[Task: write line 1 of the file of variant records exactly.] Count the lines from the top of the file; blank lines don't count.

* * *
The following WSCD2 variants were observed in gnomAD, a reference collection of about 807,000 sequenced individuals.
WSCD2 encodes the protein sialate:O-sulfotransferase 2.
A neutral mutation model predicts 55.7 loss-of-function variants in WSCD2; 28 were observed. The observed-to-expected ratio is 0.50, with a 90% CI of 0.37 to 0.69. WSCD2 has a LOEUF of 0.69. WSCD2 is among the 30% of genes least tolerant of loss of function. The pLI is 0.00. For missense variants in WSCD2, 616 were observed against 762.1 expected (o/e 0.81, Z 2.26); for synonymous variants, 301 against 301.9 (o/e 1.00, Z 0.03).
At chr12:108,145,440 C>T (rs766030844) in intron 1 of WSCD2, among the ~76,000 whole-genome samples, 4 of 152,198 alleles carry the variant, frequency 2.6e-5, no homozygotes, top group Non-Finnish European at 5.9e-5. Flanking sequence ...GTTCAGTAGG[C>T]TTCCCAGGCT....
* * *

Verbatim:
The following WSCD2 variants were observed in gnomAD, a reference collection of about 807,000 sequenced individuals.